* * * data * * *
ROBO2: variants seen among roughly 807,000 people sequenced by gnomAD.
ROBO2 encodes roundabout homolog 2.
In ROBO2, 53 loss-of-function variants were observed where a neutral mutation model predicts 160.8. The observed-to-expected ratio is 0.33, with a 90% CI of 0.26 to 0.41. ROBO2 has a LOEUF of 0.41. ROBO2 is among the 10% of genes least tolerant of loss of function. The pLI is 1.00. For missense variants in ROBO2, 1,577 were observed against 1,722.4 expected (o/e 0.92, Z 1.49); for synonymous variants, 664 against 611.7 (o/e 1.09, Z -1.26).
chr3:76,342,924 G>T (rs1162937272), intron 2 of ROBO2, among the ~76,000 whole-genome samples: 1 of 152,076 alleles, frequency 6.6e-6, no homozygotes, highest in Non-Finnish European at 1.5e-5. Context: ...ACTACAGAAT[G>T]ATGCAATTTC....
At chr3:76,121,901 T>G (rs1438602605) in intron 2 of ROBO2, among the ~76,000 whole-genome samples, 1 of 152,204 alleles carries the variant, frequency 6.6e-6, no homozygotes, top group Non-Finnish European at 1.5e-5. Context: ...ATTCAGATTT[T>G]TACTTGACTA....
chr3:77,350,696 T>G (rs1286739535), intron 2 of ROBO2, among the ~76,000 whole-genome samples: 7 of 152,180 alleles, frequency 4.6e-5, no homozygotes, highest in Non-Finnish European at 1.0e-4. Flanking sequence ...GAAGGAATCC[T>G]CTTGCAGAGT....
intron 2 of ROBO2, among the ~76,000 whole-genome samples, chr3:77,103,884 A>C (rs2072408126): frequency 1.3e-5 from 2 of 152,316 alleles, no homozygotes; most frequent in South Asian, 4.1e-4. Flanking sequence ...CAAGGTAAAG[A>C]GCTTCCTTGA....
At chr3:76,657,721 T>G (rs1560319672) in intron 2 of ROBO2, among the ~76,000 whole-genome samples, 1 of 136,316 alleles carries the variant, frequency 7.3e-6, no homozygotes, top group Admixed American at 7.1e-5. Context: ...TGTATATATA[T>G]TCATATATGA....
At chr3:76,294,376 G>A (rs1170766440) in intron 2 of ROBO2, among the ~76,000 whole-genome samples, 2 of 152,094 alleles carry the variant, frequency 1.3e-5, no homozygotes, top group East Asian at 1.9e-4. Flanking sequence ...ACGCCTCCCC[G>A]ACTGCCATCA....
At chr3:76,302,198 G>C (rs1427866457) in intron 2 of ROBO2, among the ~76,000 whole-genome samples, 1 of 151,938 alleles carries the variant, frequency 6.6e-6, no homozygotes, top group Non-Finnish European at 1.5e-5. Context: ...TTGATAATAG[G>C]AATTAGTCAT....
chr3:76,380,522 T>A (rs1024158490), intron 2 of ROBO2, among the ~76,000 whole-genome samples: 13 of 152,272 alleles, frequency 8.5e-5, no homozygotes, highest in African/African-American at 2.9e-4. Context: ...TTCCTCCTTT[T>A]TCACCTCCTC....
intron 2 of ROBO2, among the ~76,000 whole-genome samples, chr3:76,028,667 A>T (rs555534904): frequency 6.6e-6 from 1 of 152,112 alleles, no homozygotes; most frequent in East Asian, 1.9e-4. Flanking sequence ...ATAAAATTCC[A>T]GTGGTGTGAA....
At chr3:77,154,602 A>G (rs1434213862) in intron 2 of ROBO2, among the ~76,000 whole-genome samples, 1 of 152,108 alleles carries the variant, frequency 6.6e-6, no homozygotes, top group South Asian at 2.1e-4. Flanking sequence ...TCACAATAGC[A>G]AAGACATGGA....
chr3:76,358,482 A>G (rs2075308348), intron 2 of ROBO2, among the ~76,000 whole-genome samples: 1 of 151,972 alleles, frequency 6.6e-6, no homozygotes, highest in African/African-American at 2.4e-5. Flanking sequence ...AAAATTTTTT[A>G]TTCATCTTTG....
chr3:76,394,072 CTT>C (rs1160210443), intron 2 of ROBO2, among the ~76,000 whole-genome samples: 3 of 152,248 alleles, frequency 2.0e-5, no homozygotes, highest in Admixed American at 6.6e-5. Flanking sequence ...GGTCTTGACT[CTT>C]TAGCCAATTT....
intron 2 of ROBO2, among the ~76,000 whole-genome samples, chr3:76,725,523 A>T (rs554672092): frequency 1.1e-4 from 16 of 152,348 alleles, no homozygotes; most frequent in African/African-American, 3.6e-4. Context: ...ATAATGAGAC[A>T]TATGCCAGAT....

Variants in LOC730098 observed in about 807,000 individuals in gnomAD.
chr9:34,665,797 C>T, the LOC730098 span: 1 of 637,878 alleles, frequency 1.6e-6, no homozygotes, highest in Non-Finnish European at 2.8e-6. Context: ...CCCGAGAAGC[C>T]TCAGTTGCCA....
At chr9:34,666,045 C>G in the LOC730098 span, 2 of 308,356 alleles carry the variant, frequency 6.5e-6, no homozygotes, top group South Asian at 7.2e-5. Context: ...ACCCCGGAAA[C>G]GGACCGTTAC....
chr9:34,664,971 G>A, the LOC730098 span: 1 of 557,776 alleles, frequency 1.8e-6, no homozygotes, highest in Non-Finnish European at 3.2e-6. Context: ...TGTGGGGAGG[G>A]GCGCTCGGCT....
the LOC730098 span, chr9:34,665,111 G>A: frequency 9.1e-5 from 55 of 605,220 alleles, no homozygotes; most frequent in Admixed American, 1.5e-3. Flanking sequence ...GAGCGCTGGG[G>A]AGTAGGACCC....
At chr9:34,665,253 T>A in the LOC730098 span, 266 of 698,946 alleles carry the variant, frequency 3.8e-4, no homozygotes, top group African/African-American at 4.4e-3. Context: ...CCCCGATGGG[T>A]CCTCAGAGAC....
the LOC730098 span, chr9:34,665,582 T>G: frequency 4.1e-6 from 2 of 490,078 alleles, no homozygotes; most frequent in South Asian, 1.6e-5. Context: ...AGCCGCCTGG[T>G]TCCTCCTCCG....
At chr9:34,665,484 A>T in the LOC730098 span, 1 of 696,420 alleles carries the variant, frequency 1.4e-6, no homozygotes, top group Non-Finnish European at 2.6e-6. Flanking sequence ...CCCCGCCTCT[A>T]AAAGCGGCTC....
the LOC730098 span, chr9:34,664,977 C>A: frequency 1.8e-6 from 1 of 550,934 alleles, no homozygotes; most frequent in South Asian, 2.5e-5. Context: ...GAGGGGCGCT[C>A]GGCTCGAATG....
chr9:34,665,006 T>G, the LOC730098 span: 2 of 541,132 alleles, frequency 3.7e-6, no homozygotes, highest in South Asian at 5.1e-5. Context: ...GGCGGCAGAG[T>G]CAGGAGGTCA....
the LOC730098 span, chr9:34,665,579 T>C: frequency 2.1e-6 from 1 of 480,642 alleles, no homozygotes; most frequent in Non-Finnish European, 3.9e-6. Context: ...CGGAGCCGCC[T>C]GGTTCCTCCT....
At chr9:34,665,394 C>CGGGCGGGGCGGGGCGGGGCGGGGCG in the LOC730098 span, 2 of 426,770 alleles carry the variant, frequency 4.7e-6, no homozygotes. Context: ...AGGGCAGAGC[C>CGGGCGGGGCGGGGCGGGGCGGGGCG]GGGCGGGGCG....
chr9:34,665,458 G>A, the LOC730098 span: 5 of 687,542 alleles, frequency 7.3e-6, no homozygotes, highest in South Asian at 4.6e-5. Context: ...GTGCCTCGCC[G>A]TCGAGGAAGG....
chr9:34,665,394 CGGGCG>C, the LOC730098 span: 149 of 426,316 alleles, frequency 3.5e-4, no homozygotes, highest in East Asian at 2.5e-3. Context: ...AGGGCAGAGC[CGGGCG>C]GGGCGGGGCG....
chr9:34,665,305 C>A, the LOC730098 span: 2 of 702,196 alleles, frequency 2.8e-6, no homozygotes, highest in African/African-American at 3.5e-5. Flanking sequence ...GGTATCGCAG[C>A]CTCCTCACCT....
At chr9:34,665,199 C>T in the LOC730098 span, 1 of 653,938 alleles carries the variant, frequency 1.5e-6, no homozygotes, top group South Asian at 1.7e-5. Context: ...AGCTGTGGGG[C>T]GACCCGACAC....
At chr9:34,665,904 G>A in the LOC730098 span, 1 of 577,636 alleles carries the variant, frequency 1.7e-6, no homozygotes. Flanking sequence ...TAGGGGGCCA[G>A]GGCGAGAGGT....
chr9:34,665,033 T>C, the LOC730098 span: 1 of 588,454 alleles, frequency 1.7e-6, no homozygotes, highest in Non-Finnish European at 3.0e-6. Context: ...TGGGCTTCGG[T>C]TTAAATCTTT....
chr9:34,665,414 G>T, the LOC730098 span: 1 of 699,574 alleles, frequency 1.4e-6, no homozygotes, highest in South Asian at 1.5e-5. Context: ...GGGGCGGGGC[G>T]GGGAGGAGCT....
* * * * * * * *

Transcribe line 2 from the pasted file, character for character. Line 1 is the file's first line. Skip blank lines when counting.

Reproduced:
ROBO2 encodes roundabout homolog 2.